International court survived growing pains: judge

The International Criminal Court may sometimes seem powerless and far from its grandiose goal of ending atrocities, but it has survived its initial growing pains, its president said Tuesday.

South Korean judge Sang-Hyun Song said in the early years after the court's creation in 2002 it was "not at all sure that this big new creature called the ICC would be able to survive the hostility from the big powers."

"Ten years later, however, I'm happy to tell you we've grown to be a fully functioning international institution," Song said in a speech at Columbia University in New York.

Song said relations with the United States, which has not joined the treaty creating the court in The Hague, have been difficult, particularly under the administration of George W. Bush.

The chances of Washington agreeing to join the court any time soon are slim, he said, given that many US politicians fear the ICC would be used to prosecute alleged American rights abuses abroad.

"We have to face domestic political reality in this country," Song admitted, but added that, nevertheless "the ICC and the Obama administration in particular have been enjoying rather close cooperation."

"It ranges from simple intelligence sharing down to the US government's dispatch of 100 military advisors to Uganda, with the hope of helping Uganda arresting Joseph Kony," he said, referring to a notorious warlord.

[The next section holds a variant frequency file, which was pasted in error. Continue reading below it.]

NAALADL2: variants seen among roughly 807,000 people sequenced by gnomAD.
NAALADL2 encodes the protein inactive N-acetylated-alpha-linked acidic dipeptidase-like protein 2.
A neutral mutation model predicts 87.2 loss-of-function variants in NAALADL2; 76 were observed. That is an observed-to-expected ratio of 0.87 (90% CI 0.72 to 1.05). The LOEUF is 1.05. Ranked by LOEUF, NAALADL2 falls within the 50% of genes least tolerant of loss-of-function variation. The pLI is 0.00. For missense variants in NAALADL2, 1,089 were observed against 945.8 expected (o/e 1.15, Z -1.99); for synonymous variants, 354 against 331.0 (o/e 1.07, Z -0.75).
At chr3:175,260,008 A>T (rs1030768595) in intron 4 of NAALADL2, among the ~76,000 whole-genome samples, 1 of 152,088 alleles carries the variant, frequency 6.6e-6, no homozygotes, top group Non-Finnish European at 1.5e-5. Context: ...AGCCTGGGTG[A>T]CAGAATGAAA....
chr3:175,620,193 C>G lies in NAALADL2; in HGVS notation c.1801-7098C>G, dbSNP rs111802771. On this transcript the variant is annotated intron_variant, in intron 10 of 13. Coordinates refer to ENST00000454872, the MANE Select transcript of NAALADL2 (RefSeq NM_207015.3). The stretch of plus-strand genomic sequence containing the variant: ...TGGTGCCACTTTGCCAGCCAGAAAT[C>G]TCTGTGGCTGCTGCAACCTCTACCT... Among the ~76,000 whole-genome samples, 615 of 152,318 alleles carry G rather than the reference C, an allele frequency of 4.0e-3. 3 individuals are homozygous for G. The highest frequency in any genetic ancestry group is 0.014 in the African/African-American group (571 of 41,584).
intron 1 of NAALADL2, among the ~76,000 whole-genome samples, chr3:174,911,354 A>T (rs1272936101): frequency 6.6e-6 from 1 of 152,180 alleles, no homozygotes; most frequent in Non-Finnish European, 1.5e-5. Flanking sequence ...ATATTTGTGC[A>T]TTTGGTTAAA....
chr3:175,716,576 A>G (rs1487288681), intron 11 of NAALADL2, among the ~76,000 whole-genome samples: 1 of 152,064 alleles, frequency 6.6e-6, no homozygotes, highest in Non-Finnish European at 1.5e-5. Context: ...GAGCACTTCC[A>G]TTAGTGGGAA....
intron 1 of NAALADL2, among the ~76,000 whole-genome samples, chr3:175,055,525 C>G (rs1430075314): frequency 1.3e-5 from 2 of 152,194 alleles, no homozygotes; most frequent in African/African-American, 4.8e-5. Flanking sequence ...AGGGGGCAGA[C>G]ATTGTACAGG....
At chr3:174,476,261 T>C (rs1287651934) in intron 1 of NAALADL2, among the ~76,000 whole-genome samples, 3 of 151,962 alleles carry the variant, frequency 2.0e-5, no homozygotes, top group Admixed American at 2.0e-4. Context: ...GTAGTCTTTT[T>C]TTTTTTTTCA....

Other prominent powers that have been accused of crimes against humanity and remain outside of the court include China, Israel and Russia.

Even in Africa, where nearly all the court's activities are concentrated, results come slowly.

Song acknowledged the difficulty the court is having prosecuting cases in Kenya against four suspects accused of fueling bloodshed after an election in 2007.

Two of them are politicians running together on the presidential ticket in next month's election.

Song said the trials are meant to start in April, but "since there are so many variables here, we don't know what's going to happen."

"At the moment, I must admit that the logistics aspect of the Kenya case, for example, is not necessarily easy," Song said.

"These four suspects are under summons to appear. They are not arrested people. They kept on saying they will comply with the ICC procedures and so on and so forth.

"How they will come all the way to The Hague to attend the trial and for how long?"

An attempt to prosecute Moamer Kadhafi's former spy chief Abdullah Senussi and the former Libyan leader's son on charges of crimes against humanity has also run into trouble, with Tripoli so far refusing to hand them over.

Song said he is motivated by his tragic childhood during the Korean war in the early 1950s and that he remains optimistic about the court's future.

"By design, the ICC is obligated to walk a very fine line," he said, and "we are far from eradicating depravity and mass violence."

But "with every year that goes by the normative consensus grows stronger that justice must be done in the case of mass atrocities."

In any case, Song said, drawing a laugh from the prestigious university audience: "Fortunately, I have been blessed with unlimited Asian patience."